Functions > Design of Experiments > Regression Analysis > Multivariate Polynomial Regression
Multivariate Polynomial Regression
polyfit(X, Y, n/"terms"/M)—Defines a function that describes a multivariate polynomial regression surface fitting the results recorded in matrix Y to the data found in matrix X. You can define the polynomial regression equation by its polynomial order n or by its terms as specified in the string “terms” or in matrix M. Use matrix M when you do not want to include the intercept in the polynomial fit.
For example, consider the polynomial regression function p:
p := polyfit(X, Y ,1)
p(v) = 1.075
Function p takes a vector argument v specifying a value of each independent variable of p, as described by matrix X. Each variable in vector v must have compatible units with the corresponding column of matrix X. The units returned by the fitting function p are compatible with the units of matrix Y.
Arguments
X is a design matrix or a matrix in which each column represents an independent variable. Each column of X must have compatible units.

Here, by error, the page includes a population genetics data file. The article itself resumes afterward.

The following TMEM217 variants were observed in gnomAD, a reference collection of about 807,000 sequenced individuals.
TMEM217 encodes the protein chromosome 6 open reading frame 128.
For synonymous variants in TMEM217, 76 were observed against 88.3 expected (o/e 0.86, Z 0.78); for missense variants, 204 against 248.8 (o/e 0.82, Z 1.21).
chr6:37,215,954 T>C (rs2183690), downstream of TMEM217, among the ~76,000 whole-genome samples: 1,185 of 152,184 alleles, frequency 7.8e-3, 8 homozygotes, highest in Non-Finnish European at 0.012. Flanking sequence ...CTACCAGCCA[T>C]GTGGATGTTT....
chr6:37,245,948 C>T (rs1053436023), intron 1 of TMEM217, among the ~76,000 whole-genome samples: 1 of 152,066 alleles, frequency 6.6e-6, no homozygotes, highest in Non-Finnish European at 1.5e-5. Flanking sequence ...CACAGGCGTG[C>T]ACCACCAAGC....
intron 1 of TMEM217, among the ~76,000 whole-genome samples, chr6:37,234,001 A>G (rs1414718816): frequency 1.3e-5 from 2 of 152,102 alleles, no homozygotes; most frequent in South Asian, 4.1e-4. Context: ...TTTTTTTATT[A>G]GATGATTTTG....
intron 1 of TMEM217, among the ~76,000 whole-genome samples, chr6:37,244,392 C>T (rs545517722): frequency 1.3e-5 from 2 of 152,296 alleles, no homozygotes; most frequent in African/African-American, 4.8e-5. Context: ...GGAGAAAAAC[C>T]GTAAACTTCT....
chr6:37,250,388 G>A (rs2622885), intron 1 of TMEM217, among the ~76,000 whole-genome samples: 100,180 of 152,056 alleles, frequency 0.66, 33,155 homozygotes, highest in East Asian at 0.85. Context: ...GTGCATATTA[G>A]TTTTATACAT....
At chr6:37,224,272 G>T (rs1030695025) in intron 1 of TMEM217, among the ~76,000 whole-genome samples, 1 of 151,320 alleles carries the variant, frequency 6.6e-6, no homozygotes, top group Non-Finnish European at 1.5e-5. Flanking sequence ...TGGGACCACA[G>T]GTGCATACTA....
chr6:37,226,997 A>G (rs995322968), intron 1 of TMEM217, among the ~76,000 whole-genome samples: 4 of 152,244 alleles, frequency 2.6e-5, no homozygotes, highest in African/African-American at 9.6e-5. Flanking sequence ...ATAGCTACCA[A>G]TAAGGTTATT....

Y is a vector or a matrix of measured or simulated results with each row containing the results for each run or data point defined in X. When the rows do not all contain the same number of replicates, you must pad the empty elements of Y with NaNs. The elements of matrix Y must have compatible units.
n is an integer specifying the polynomial order. It must be smaller than the total number of data points: 1 ≤ n ≤ length(Y) − 1. Otherwise, the problem is under constrained with no unique solution.
“terms” is a string specifying the terms, or the factors and interactions, to include in the polynomial regression. “A B AB AA BB” means that the polynomial contains the following terms:
c0 + c1∙A + c2∙B + c3∙A∙B + c4∙A2 + c5∙B2
For the separators, you can use a space, a comma, a colon, or a semicolon.
M is a matrix specifying a polynomial with guess values for the coefficients in the first column and the power of the independent variables for each term in the remaining columns. For the polynomial described above, define M as follows: